In between school projects and studying for finals this week, I finally finished reading “Overdressed: The Shockingly High Cost of Cheap Fashion” by Elizabeth L. Cline. So many other sewing bloggers have recently raved about the book, and I felt it was high time I see what all the fuss is about.
The book was really interesting, because it reaffirms many of the reasons why I love to sew. Cline’s purpose in writing the book was to educate others on how mass consumption and fast fashion have really changed the fashion industry in the past couple of decades. For me, her story really made me think about my own history with fashion and how my style has evolved since learning to sew.
I really just started sewing a couple of years ago, when I was 26. Jose and I had just moved to Laredo, and we didn’t know very many people, so sewing seemed like a great hobby and a way for me to make a couple of new things for our home. Once I started looking for ideas on the Internet, I was overwhelmed with all the information out there on sewing. It wasn’t long before I realized – I could use my sewing machine to make my own wardrobe (!).
For some crazy reason, the thought had never crossed my mind. I suppose I assumed sewing garments was too difficult and way out of my league, but the more I researched, the more I realized that sewing a clothing pattern is as simple as following directions. If there was a term I wasn’t familiar with, I could Google it and usually find a tutorial or YouTube video that demonstrated that technique.
It wasn’t until I completed a blouse and A-line skirt that I realized I really love how simple garments look on me. Starting out with beginner-level patterns made me think about certain silhouettes that I had never considered before. It was a style awakening for me! Cline mentions in her book that retailers determine the season’s trends based on whichever style is easiest (and cheapest) to construct. This is sort of limiting for someone who shops at fast fashion retailers. Women today are not exposed to a range of silhouettes if they shop at retailers such as Target, Forever 21, and H&M.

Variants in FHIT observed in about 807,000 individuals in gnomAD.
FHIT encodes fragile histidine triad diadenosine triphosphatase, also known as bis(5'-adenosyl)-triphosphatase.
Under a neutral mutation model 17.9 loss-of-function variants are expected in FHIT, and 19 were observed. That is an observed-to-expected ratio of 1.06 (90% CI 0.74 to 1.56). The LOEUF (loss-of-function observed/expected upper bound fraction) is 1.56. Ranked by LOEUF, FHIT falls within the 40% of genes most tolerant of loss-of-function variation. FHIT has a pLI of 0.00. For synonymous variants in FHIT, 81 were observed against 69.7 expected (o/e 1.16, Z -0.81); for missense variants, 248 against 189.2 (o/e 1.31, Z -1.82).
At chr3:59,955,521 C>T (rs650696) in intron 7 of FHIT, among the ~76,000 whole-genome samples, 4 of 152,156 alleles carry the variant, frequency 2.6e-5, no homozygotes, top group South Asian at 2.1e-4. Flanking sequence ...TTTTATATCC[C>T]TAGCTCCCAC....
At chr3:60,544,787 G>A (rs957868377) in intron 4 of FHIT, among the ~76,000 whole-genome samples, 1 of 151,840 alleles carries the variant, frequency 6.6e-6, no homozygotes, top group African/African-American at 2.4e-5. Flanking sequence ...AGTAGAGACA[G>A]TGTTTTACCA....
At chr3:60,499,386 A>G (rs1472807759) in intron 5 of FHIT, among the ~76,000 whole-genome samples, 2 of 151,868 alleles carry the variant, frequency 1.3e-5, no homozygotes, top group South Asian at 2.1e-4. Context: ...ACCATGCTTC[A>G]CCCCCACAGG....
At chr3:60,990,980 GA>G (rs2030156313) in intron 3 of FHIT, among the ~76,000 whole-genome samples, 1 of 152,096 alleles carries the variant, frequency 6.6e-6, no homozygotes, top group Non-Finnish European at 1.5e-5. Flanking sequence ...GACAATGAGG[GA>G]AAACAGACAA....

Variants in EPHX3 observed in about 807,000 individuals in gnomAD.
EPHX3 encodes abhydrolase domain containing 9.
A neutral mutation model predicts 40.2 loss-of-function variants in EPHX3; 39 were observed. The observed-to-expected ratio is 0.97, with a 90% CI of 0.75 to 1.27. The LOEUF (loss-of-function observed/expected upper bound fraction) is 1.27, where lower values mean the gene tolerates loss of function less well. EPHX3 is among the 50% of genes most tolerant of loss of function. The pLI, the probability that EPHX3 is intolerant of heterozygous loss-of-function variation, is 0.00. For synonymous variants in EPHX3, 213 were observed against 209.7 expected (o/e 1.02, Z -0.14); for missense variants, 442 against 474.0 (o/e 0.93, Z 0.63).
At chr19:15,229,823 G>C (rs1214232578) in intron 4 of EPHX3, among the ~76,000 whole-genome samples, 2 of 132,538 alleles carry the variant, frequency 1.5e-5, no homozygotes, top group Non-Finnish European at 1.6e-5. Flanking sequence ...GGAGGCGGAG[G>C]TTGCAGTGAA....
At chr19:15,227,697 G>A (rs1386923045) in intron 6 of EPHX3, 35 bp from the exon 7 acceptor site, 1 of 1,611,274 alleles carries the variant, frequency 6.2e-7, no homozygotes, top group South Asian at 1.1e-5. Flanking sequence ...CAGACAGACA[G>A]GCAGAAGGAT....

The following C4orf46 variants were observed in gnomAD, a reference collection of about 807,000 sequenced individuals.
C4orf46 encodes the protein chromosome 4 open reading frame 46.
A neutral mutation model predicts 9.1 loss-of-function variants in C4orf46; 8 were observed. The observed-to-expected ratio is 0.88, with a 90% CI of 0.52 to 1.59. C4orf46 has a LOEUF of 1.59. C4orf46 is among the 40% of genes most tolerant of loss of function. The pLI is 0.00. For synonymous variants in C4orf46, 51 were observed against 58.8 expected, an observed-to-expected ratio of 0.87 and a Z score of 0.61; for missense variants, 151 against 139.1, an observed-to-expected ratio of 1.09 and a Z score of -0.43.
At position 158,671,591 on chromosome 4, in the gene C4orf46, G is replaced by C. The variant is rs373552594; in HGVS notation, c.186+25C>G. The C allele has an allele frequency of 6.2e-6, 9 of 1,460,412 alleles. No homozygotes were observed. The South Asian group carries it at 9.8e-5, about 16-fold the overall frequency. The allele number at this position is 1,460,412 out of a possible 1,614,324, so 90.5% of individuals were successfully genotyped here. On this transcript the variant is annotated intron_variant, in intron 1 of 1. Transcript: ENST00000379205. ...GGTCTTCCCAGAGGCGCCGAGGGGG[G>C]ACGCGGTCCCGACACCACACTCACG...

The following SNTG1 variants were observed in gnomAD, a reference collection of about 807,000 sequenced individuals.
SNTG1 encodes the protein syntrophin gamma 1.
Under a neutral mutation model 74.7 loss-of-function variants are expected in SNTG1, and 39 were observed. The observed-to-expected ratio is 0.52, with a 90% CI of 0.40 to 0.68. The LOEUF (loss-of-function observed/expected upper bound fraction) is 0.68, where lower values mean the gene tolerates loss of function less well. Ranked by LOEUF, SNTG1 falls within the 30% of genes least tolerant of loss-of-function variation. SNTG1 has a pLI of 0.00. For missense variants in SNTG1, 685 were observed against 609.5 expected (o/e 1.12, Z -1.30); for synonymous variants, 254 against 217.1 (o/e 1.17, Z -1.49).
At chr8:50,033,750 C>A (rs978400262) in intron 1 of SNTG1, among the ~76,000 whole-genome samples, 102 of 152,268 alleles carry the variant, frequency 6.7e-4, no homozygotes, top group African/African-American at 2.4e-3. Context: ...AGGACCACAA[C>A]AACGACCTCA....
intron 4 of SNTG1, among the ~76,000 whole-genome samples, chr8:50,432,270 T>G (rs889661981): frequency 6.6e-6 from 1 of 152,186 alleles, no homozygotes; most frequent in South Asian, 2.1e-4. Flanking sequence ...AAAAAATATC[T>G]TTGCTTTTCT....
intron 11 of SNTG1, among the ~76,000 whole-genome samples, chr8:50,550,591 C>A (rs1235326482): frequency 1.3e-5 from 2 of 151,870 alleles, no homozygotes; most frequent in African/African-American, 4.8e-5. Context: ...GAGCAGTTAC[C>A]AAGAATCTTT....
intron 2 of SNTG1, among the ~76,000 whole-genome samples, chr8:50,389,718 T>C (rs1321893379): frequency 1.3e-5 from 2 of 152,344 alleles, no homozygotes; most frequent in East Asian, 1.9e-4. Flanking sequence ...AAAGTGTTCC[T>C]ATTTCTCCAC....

Sewing has also made me think about my consumption. I used to go on shopping sprees and buy so many clothes because they were cheap. I thought, “I just bought 4 dresses for $100!! I’m such a smart shopper.” But then, when those dresses wore out after 1 – 2 wears, I’d go out shopping again for new stuff. It was a vicious cycle. I thought I was being smart with my money, but I’ve come to realize that really, I was being duped. I shelled out tons of money for clothes that I only wear once. Not to mention the time it takes to organize and keep track of all that clothing.
Now, after listing out all the good things that come with learning to sew, I must throw in a disclaimer. Learning to sew is definitely a life-long ambition, and creating one’s wardrobe by hand won’t happen overnight. Even though I’ve been sewing for a couple of years, I only feel comfortable wearing a couple of skirts and dresses I’ve made out of the house without worrying that my outfit looks too “handmade”. But with every garment I make, the more confident I am with the results.
In the end, I would highly recommend any hopeful or seasoned seamstresses to read Cline’s book, “Overdressed”. It really made me consider all the positive contributions I’ve made to fashion today as a self-proclaimed seamstress. The information in the book made me proud and excited about the choice I’ve made to create handmade things for my closet and my home. :)
(Top photo of my mother’s sewing machine, a Singer Genie. Bottom photo of my sewing machine, a Bernina 1008).